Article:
In life, I am convinced, it’s the small things that mean the most. Random acts of kindness if you will, which in truth really are not random, they are purposeful. Most of us won’t find the cure for cancer, win a Nobel Peace Prize, rescue someone from a burning building or anything else the world considers “big”. Does that mean we can’t make a difference in the world around us? Absolutely not.
I live my life guided by the mantra that random acts of kindness really do matter, that what I do is important, and quite possibly very meaningful to someone else. Truthfully, sometimes the things I do for others seem to go unnoticed, but that doesn’t stop me from doing them. I get immense personal satisfaction quietly doing things for others, and every once in a while, I am privileged enough to get a glimpse of someone’s response. Such was the case a recently.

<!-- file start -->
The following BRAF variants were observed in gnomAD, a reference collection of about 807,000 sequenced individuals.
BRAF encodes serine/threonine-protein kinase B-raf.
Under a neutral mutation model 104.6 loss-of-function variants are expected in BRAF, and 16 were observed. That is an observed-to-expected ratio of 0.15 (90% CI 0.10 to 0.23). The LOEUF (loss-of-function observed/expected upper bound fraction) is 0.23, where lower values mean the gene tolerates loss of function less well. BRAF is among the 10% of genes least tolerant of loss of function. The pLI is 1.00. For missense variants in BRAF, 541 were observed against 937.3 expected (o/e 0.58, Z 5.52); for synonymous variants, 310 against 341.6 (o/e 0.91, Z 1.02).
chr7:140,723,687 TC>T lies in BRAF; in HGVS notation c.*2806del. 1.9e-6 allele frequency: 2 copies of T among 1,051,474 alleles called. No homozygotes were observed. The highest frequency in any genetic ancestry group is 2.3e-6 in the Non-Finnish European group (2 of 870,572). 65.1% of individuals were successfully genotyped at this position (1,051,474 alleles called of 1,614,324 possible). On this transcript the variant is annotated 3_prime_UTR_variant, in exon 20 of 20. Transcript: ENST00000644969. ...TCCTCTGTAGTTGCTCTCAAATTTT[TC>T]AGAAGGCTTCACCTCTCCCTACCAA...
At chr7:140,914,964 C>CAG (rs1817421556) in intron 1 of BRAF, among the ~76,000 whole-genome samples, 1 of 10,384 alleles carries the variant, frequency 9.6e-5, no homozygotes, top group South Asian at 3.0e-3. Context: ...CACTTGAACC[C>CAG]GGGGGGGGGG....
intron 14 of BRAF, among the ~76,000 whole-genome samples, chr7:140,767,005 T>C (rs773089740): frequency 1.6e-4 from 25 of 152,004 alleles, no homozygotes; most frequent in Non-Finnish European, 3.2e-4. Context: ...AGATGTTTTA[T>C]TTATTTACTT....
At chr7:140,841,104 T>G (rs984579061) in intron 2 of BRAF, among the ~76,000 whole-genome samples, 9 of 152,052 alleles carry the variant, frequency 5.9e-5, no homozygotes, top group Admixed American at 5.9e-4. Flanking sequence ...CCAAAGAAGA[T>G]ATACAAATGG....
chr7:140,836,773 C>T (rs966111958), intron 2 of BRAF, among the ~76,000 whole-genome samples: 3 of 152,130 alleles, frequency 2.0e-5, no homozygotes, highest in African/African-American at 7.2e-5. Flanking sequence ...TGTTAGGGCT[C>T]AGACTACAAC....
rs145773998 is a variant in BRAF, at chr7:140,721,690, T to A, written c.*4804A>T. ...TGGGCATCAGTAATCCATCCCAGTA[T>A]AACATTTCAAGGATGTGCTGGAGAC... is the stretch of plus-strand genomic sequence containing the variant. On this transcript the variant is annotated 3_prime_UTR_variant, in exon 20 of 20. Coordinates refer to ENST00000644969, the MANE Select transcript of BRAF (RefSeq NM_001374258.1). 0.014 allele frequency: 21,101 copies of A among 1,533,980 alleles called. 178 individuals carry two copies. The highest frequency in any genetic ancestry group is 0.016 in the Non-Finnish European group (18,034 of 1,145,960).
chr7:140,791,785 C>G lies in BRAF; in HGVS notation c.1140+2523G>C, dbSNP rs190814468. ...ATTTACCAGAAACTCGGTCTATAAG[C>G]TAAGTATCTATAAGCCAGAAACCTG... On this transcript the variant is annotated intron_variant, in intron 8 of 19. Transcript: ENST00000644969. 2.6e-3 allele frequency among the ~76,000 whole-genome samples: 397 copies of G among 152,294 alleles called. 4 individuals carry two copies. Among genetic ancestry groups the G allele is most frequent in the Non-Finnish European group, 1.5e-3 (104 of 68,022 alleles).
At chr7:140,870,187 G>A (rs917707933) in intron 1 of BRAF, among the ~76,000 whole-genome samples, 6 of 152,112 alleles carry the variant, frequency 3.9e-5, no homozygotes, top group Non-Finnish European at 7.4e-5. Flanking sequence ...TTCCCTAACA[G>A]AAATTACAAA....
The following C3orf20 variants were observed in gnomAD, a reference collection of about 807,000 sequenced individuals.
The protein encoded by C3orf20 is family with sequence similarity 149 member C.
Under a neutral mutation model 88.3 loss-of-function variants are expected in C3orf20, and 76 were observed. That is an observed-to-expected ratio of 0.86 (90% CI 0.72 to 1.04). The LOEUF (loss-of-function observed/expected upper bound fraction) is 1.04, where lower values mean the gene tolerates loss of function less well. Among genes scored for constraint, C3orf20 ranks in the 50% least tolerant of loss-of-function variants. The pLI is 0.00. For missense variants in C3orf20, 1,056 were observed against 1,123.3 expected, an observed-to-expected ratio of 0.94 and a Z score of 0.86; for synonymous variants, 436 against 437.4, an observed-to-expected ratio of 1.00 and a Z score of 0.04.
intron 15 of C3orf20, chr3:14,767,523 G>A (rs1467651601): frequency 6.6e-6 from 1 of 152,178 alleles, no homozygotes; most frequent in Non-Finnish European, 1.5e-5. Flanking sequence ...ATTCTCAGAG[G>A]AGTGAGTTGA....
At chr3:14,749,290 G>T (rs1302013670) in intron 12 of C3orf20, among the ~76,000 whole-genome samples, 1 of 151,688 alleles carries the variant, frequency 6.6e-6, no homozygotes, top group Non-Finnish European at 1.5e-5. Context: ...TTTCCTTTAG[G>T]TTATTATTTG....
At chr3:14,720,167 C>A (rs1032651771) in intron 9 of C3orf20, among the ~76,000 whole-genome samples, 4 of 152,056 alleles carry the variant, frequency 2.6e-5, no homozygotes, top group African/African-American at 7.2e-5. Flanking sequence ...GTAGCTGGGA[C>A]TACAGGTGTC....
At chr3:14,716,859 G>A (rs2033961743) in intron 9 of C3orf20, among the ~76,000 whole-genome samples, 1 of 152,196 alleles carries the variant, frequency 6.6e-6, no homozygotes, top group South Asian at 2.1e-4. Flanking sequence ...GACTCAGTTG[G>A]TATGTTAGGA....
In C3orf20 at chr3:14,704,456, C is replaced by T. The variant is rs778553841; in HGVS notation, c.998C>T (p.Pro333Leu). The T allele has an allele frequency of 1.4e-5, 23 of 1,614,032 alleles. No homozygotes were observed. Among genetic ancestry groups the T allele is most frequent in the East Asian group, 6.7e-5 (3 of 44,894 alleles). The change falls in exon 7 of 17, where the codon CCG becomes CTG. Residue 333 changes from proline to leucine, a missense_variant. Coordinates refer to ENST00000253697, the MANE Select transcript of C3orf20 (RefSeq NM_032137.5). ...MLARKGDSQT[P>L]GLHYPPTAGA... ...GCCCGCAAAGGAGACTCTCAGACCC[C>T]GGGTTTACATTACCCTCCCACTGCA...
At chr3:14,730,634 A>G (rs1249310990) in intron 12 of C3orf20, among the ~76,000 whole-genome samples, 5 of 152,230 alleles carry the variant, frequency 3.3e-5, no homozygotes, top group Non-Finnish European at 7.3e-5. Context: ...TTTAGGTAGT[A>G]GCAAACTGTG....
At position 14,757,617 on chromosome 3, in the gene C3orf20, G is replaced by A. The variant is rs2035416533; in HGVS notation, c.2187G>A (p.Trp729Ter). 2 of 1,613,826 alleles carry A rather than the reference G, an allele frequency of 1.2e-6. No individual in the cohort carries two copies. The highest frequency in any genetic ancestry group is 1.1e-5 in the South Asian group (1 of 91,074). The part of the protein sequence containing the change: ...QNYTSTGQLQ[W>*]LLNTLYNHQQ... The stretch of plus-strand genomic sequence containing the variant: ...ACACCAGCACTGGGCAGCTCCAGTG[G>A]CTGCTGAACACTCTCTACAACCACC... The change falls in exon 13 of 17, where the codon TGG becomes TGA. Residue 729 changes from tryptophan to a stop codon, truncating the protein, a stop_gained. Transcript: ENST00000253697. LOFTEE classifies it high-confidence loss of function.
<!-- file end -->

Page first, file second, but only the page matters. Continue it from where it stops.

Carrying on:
Several weeks ago I had my final check up with my neurosurgeon. She’s seen me through eighteen months of recovery after my broken neck. She gave me my life my back. Certainly all glory goes to God, but she was the vessel he chose to use. I wanted her to know how much her intervention meant to me, so I wrote her a note. I thanked her for putting me back together again. I told her how grateful I was not only to be alive, but to be completely restored. I told her about the three half marathons I’ve run since the accident. I told her about the person records I’ve achieved in two post-recovery 5K’s. I shared with her all the highlights and triumphs I have experienced in the 18 months since the wreck. I told her that I am convinced God made her my doctor, that although other surgeons were capable of performing that surgery, that she was the right one for me. I handed it to her at the end of my appointment, we hugged and I walked out the door for the last time. When we got to the car, I grabbed my phone to turn the ringer back on and there was a voicemail. In the two minutes since I had walked out of her office, my doctor had read the card, gone to the trouble to look up my phone number and called to tell me how much the card meant to her. She said that in her line of work patients rarely say thank you. She loved what I said about God choosing her to be my doctor. I saved that voicemail as a reminder that the small things really do matter.